Incentives aimed at keeping kids in class

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Absenteeism costly of Middle Township district

MIDDLE TOWNSHIP – Middle school administrators are hoping prizes like an iPad and bicycles will encourage students to come to school.

So far, it appears to be working.

The program launched April 15, after the state cut $1.3 million in aide because of the school district’s high absenteeism rates. The state requires school districts to reach at least a 96 percent attendance each day.

On the first day of the program nine students were absent; before the program got underway 26 students missed school April 12. The middle school had a more than 97 percent attendance rate Thursday, more than 98 percent Wednesday and more than 96 percent Tuesday.

“We’re having good success with it so far,” said assistant middle school Principal Toni Johnson.

Some students are also cheering on their classmates to go to school. Students question other students who are absent the day before, and they get excited when students arrive for homeroom in the morning, said Thomas Jefferson, an 11-year-old sixth-grade student.

A handful of students are chronically absent, Johnson said, but the “numbers have significantly decreased.”

A state report recently released stated that the middle school suffers from a high number of students missing school.

The state said that the middle school’s college and career readiness lags in comparison to schools across the state and also lags in comparison to similar schools, also known as peer schools. Part of college and career readiness is chronic absenteeism, and middle school has a 15 percent rate.

Johnson said the goal is to have the middle school at 98 percent student attendance; 100 percent attendance would be ideal, though, she said.

“Each of us can help improve student attendance at school,” reads a letter sent home to parents about the incentive program. “The more we are involved in each student’s education, the more likely he or she is to succeed academically, socially, and in their future life pursuits. The solutions are easy. Make sure your child wakes up on time for school every single day. Recognize effort and achievement. Show interest in your child’s school activities. No matter what you do, the most important thing is for a parent to show their child that they care about and are invested in their education.”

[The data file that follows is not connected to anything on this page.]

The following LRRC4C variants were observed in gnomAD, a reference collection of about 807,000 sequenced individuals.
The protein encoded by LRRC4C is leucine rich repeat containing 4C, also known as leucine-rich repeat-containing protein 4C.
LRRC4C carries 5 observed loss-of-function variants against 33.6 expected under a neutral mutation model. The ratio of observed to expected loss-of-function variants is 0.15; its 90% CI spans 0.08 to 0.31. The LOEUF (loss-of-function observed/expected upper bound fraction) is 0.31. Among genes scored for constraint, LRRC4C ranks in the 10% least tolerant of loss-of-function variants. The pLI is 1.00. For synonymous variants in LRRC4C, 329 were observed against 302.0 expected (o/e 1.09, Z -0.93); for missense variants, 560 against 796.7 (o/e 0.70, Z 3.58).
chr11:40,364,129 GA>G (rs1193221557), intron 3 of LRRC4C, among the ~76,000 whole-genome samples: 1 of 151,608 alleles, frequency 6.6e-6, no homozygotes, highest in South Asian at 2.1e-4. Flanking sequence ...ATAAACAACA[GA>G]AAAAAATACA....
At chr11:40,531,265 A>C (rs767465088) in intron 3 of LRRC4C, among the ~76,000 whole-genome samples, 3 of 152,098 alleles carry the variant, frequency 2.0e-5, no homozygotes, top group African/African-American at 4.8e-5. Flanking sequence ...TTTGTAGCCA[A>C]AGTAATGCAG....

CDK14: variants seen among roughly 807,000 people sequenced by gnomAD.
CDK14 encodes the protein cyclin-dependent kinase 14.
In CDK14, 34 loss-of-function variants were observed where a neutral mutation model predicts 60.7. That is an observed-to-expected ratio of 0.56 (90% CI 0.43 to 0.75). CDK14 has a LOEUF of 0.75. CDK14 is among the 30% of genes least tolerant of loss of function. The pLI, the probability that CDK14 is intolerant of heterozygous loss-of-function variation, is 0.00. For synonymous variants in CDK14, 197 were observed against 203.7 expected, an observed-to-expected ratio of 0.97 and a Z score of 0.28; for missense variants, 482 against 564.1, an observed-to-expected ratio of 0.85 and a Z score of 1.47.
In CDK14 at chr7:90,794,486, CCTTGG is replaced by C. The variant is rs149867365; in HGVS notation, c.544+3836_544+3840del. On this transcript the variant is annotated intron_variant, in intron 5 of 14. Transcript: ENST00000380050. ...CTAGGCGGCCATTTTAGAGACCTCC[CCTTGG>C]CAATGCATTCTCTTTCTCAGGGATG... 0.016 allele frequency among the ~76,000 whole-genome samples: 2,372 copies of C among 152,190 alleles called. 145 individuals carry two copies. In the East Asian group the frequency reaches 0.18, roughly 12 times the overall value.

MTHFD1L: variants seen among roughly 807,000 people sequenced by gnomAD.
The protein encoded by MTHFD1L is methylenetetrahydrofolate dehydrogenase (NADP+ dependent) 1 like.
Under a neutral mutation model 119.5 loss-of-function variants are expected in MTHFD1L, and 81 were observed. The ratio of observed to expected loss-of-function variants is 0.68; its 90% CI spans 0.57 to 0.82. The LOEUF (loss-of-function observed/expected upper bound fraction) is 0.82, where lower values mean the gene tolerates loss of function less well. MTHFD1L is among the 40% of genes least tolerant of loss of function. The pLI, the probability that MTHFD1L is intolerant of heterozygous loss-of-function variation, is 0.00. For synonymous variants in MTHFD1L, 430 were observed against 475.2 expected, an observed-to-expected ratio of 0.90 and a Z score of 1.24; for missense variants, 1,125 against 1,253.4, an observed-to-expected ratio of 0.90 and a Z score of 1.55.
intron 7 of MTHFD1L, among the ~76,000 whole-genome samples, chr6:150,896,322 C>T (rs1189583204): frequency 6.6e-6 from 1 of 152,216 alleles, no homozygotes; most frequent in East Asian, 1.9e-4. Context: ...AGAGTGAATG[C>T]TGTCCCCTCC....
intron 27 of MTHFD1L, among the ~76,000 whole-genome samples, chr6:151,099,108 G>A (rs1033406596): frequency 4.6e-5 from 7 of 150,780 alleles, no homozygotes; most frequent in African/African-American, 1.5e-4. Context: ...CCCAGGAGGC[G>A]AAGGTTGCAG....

Johnson said that students are excited about the incentive, which runs through June 11.

Students can win prizes on their own, as a homeroom, by grade or as a school. Grand prizes are donated by local businesses.

The incentive program highlights homerooms, teams and students that have the highest percentages of students attending each week, month and the remaining school year.

On Thursday, Seventh-grader Camryn Simmerman, 13, said her homeroom class may receive an award for having no students absent the first week of the incentive program. There are 21 students in the class. Homeroom classes could be rewarded with being able to wear casual clothes, have cookies or popcorn and go on outdoor field trip.

School district Superintendent Michael Kopakowski called the incentive program outstanding at the middle school. He is hoping something similar could be started throughout the district.

The $1.3 million cut in state aid is the same amount the Middle Township Board of Education whittled from the $40,176,407 operating budget adopted in March. Budget cuts include eliminating 17 positions and other targets areas include athletics and extracurricular activities.

For more information, contact Johnson at 464-1837, ext 4004.

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